And in Letter 70 (“Moral letters to Lucilius”) we find the following passage:
You need not think that none but great men have had the strength to burst the bonds of human servitude.
In Rome, suicide in the face of a shameful death was an expression of willpower. In a certain period, there was a kind of theatricalisation of suicides. A person who wanted to take his own life would have a feast and invite friends to whom he was saying goodbye. At the same time, interestingly, despite widespread admiration, suicide under Roman law was sometimes treated as taking the life of a relative. This was especially true at times when suicides increased. The state tried to intervene, and then frequent repression was the seizure of property and desecration of the body. We do not even have general numbers on how many people died by their own hand, but based on the works of Seneca, Tacitus, Suetonius or Pliny the Elder and Younger, we may assume that it was a fairly common practice.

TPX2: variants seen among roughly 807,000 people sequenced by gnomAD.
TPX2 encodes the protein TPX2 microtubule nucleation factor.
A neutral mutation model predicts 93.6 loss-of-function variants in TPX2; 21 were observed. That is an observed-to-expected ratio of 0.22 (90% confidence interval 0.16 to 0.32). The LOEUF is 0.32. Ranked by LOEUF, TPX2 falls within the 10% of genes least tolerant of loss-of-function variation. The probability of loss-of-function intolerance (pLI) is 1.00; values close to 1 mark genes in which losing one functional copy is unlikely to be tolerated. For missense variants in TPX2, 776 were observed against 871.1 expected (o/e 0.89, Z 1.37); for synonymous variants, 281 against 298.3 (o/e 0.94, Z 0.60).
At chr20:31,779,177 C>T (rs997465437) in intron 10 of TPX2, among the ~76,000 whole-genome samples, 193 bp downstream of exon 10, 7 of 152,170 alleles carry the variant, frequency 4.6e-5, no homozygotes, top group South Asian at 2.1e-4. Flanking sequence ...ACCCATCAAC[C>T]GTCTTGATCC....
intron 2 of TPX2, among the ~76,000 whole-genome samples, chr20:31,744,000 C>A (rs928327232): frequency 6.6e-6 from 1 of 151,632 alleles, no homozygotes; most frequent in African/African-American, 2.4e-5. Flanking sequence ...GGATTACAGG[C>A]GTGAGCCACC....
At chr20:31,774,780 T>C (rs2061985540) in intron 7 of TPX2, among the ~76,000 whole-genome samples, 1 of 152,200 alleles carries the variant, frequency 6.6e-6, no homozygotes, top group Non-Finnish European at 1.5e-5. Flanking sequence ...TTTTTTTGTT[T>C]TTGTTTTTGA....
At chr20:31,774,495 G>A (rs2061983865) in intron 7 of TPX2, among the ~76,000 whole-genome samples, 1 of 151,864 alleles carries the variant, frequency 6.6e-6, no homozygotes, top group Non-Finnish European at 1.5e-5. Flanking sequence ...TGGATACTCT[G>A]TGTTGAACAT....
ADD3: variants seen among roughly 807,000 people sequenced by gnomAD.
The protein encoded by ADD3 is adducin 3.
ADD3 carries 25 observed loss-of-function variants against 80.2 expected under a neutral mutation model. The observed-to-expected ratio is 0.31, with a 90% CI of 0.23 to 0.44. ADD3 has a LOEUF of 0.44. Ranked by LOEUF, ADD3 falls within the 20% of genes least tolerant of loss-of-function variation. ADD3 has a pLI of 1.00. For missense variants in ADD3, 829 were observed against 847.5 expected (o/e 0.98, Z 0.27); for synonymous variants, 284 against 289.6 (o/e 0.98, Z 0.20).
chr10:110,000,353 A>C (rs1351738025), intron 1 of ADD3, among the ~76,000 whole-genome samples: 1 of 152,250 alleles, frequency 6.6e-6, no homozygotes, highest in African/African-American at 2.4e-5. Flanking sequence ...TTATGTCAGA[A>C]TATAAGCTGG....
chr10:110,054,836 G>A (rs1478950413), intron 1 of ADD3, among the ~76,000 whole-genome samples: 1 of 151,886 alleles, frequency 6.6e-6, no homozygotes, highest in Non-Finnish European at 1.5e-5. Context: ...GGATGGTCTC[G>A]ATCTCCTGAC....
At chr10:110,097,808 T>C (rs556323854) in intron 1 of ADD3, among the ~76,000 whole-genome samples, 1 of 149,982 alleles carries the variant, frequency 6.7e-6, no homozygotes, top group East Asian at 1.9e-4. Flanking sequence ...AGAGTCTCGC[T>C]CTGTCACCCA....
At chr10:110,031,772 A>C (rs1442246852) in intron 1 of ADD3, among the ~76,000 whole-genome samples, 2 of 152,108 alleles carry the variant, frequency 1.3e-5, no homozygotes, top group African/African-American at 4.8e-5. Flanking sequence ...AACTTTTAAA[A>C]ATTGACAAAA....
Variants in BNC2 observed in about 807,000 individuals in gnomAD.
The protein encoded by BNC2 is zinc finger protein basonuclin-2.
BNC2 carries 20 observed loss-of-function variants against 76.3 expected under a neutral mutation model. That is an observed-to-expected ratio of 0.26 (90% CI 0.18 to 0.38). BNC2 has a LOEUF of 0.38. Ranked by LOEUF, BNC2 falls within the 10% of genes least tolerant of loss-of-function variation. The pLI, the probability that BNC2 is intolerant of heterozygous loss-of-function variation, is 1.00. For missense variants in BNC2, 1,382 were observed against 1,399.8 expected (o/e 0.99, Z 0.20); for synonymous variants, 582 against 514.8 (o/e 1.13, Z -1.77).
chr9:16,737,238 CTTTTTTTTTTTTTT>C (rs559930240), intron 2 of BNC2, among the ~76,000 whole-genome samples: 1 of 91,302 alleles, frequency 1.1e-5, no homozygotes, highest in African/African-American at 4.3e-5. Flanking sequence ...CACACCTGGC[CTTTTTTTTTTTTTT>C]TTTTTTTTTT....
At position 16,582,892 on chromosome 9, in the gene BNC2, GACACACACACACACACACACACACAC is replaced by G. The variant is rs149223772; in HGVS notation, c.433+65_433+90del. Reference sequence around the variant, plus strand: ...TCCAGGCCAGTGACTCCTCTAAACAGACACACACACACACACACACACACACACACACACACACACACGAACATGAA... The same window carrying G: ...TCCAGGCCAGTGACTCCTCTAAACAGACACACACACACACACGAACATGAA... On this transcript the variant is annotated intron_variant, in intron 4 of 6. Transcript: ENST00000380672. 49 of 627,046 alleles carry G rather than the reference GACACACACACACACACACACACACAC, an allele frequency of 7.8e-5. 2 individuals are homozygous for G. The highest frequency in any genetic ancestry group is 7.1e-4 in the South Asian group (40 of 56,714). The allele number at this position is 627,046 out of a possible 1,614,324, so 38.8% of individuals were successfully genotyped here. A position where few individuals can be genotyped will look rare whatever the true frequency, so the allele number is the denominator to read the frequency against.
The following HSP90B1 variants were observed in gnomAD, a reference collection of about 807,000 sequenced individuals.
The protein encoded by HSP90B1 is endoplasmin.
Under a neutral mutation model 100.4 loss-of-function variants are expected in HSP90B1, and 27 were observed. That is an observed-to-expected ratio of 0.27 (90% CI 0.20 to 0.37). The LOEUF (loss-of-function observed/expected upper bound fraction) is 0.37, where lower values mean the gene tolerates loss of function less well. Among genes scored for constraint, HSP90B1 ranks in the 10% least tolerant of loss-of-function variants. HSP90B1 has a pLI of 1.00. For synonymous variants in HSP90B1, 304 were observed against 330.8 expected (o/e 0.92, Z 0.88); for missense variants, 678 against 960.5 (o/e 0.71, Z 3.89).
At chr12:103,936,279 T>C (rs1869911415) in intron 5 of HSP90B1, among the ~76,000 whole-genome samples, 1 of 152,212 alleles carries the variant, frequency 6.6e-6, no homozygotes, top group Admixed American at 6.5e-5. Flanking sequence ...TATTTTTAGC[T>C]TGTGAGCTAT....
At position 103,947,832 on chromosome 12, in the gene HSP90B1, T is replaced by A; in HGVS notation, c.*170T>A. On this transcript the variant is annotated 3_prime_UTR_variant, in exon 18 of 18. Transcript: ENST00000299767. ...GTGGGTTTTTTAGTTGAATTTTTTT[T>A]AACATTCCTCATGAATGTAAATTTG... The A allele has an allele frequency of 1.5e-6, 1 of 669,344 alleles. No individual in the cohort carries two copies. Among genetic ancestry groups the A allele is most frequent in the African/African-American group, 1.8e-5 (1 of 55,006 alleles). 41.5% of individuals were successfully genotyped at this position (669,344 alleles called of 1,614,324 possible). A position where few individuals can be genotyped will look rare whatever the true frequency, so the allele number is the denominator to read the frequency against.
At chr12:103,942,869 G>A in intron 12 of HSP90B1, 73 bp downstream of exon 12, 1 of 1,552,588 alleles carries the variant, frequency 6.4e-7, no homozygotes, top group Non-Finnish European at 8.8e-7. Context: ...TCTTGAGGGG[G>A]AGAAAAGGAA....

The law did not criminalize the suicides of free people; this only applied to slaves and, more importantly, to people who were already condemned to death. Many, anticipating execution and having a death sentence issued by the state – which was associated with the possible confiscation of property – fled from it, for the good of the family, taking their own lives. Tacitus describes such an advance of judgment as pretium festinadi. On the other hand, this law was not always in force, because Makron, the prefect of praetorians, after hearing the death sentence, decided to take his life, and his fortune did not remain with the family. Ulpian mentions in his Digest (XXVIII, 3, 6-7) that this record disappeared after Cicero’s death.
In fact, there was no established, even customary, pattern of ceremonial. Below is a representation of the death of Gaius Petronius: